What Apple's Announcements This Week Mean for Investors

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Now that Apple's (NAS: AAPL) Worldwide Developers Conference keynote announcements have come and gone, investors have now had a couple of days to digest the developments.

What does the news mean for shareholders?

Back to the Mac
There were three major areas of focus during the keynote: Mac notebooks, desktop operating system OS X Mountain Lion, and mobile operating system iOS 6. Two of these focus squarely on the Mac, despite the fact that WWDC has been relatively mobile-centric in recent years, most notably for iPhone hardware announcements prior to last year.


By focusing on the Mac and its traditional PC line, Apple shows that it's not resting on the laurels of its tremendous iPhone and iPad successes and is still committed to pushing the Mac envelope, even though Mac revenue pales in comparison to the iPhone and iPad combined. The Mac has brought in just $23 billion in sales over the past four quarters, compared to the $100 billion business that the iPhone and iPad have become.

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Source: Earnings press releases.

Over the same time, Mac sales have fallen from 30% of trailing-12-month revenue to just 16% over the past two years, while iPhone and iPad sales have jumped from 37% to 70% over the same time frame.

anImage

Source: Earnings press releases.

It's good to know that Apple is intent on intensifying PC competition, even as Intel ramps up its Ultrabook initiative to challenge the adoption of tablets.

Street analysts are mostly impressed, with Wedge Partners' Brian Blair calling the new MacBook Pro with Retina display "a real step forward into the future of mobile computing" and comparing it to the original MacBook Air that was released in 2008, even though it was a little ahead of its time.

The sales figures may not show it, but the Mac remains just as important as ever.

Next up: Google
Google
's (NAS: GOOG) own Google I/O developer conference takes place later this month, where the search giant will detail the next major version of its own mobile operating system, Android. The mobile OS front is increasingly becoming a two-horse race, with Android and iOS combined grabbing 79% of the market.

Apple's iOS announcements put the pressure on Android. Some of the iOS announcements played catch-up, while others give it a leg up, such as the Facebook (NAS: FB) integration. Considering the increasing competition between Google and Facebook in the ad market, I wouldn't expect Android to get any official Facebook integration anytime soon.

Piper Jaffray's Gene Munster believes the news strengthens iOS's position against Android, "tightening the ecosystem with other Apple devices" in ways that Android can't because it doesn't make the operating system people use (not for lack of trying, though). Munster thinks iOS 6 will help Apple grab more share domestically and in Europe, while Android will continue its lead in emerging markets.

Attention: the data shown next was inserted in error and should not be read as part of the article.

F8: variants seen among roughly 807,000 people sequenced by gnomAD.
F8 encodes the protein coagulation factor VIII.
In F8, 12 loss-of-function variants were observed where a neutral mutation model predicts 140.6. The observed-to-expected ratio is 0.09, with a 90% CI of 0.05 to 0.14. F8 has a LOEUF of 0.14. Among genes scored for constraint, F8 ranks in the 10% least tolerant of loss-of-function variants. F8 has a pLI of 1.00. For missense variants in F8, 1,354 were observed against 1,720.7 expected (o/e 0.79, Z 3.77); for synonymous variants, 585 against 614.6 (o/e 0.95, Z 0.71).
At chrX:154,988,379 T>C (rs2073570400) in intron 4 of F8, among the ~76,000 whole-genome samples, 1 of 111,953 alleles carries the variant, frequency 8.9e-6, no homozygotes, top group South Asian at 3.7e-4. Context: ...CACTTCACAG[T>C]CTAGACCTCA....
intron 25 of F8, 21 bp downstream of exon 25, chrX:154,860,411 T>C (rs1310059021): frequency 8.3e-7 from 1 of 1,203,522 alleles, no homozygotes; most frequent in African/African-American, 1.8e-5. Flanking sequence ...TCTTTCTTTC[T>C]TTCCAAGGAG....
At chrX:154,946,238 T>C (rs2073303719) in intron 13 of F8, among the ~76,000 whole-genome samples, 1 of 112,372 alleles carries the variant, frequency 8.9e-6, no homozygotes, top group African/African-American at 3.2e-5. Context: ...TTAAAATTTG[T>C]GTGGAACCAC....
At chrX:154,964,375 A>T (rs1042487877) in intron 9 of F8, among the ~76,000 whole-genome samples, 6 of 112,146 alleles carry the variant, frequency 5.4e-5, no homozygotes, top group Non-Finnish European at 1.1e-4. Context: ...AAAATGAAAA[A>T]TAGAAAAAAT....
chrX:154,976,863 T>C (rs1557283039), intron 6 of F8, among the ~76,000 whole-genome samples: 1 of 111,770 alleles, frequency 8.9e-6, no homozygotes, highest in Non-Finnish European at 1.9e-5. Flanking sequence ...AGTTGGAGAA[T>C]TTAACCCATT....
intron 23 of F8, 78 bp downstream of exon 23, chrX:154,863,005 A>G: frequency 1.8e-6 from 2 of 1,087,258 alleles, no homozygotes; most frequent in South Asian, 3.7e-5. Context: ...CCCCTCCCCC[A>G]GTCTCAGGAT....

Get ready for China
WWDC had attendees from over 60 countries, but there was one particular region that got extra attention: China. Both OS X and iOS are seeing features added specifically for the Chinese market, including the addition of Baidu (NAS: BIDU) as a default search engine and SINA's (NAS: SINA) Weibo microblogging service, among others.

Mac software chief Craig Federighi made no secret about it: "Get your apps ready for China."

Operating Segment

Second-Quarter Revenue

Second-Quarter Growth (YOY)

Americas$13.2 billion41.4%
Europe$8.8 billion46.1%
Japan$2.6 billion91.3%
Asia-Pacific$10.2 billion114.1%
Retail$4.4 billion37.9%

Source: Earnings press releases.

China continues to be one of Apple's hottest growth zones, so gearing its software toward Chinese users is the right move to make. Asia-Pacific revenue put up the most growth by far last quarter, as Greater China alone more than tripled to $7.9 billion in revenue. Catering software development to that region will keep growth chugging along.

An Apple a day
Moves like this week's announcements should help Apple keep its lead in our increasingly mobile future. But while Apple gets outsized attention among companies riding this trillion-dollar wave, it's not the only company poised to benefit from the once-in-a-generation trend. In fact, the Fool has identified another component supplier that has as much to gain from the rise of smartphones and tablets as Apple, if not more. To learn more about this overlooked company, click here to access your copy of the Fool's free research report.

At the time this article was published Fool contributorEvan Niuowns shares of Apple, but he holds no other position in any company mentioned.Click hereto see his holdings and a short bio. The Motley Fool owns shares of Facebook, Baidu, Intel, Google, and Apple.Motley Fool newsletter serviceshave recommended buying shares of Baidu, Intel, Google, Sina, and Apple.Motley Fool newsletter serviceshave recommended creating a bull call spread position in Apple. The Motley Fool has adisclosure policy. We Fools may not all hold the same opinions, but we all believe thatconsidering a diverse range of insightsmakes us better investors. Try any of our Foolish newsletter servicesfree for 30 days.

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